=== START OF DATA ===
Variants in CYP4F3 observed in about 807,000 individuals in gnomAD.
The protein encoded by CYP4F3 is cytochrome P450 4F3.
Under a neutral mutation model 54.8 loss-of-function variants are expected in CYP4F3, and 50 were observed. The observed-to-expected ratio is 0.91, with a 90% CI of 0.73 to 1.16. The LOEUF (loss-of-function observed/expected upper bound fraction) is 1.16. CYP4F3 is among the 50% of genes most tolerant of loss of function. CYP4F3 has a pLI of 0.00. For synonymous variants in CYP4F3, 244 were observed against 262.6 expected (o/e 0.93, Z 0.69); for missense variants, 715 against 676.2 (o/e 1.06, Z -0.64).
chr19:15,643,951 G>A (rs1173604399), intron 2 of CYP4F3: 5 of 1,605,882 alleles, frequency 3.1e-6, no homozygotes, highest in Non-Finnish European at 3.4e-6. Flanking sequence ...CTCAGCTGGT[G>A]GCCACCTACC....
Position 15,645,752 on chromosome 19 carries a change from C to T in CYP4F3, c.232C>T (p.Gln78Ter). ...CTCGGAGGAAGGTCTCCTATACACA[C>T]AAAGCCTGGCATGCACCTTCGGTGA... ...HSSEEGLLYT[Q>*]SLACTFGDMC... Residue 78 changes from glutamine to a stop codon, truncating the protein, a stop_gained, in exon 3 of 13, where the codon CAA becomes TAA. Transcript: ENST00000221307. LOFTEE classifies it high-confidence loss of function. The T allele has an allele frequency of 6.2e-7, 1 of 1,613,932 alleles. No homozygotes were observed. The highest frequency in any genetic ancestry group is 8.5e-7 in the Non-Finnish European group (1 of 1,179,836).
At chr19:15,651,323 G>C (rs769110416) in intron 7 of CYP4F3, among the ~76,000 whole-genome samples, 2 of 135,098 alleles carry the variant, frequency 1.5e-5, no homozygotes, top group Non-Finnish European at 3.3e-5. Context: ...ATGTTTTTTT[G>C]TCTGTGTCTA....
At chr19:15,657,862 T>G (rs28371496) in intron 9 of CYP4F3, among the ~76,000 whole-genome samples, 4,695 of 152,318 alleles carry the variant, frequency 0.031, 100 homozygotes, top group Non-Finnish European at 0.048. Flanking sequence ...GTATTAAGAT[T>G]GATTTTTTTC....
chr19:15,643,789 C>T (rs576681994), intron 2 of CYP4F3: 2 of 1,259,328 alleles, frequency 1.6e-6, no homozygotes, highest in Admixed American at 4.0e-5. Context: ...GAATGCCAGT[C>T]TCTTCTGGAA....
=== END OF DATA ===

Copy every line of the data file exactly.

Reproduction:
Variants in CYP4F3 observed in about 807,000 individuals in gnomAD.
The protein encoded by CYP4F3 is cytochrome P450 4F3.
Under a neutral mutation model 54.8 loss-of-function variants are expected in CYP4F3, and 50 were observed. The observed-to-expected ratio is 0.91, with a 90% CI of 0.73 to 1.16. The LOEUF (loss-of-function observed/expected upper bound fraction) is 1.16. CYP4F3 is among the 50% of genes most tolerant of loss of function. CYP4F3 has a pLI of 0.00. For synonymous variants in CYP4F3, 244 were observed against 262.6 expected (o/e 0.93, Z 0.69); for missense variants, 715 against 676.2 (o/e 1.06, Z -0.64).
chr19:15,643,951 G>A (rs1173604399), intron 2 of CYP4F3: 5 of 1,605,882 alleles, frequency 3.1e-6, no homozygotes, highest in Non-Finnish European at 3.4e-6. Flanking sequence ...CTCAGCTGGT[G>A]GCCACCTACC....
Position 15,645,752 on chromosome 19 carries a change from C to T in CYP4F3, c.232C>T (p.Gln78Ter). ...CTCGGAGGAAGGTCTCCTATACACA[C>T]AAAGCCTGGCATGCACCTTCGGTGA... ...HSSEEGLLYT[Q>*]SLACTFGDMC... Residue 78 changes from glutamine to a stop codon, truncating the protein, a stop_gained, in exon 3 of 13, where the codon CAA becomes TAA. Transcript: ENST00000221307. LOFTEE classifies it high-confidence loss of function. The T allele has an allele frequency of 6.2e-7, 1 of 1,613,932 alleles. No homozygotes were observed. The highest frequency in any genetic ancestry group is 8.5e-7 in the Non-Finnish European group (1 of 1,179,836).
At chr19:15,651,323 G>C (rs769110416) in intron 7 of CYP4F3, among the ~76,000 whole-genome samples, 2 of 135,098 alleles carry the variant, frequency 1.5e-5, no homozygotes, top group Non-Finnish European at 3.3e-5. Context: ...ATGTTTTTTT[G>C]TCTGTGTCTA....
At chr19:15,657,862 T>G (rs28371496) in intron 9 of CYP4F3, among the ~76,000 whole-genome samples, 4,695 of 152,318 alleles carry the variant, frequency 0.031, 100 homozygotes, top group Non-Finnish European at 0.048. Flanking sequence ...GTATTAAGAT[T>G]GATTTTTTTC....
chr19:15,643,789 C>T (rs576681994), intron 2 of CYP4F3: 2 of 1,259,328 alleles, frequency 1.6e-6, no homozygotes, highest in Admixed American at 4.0e-5. Context: ...GAATGCCAGT[C>T]TCTTCTGGAA....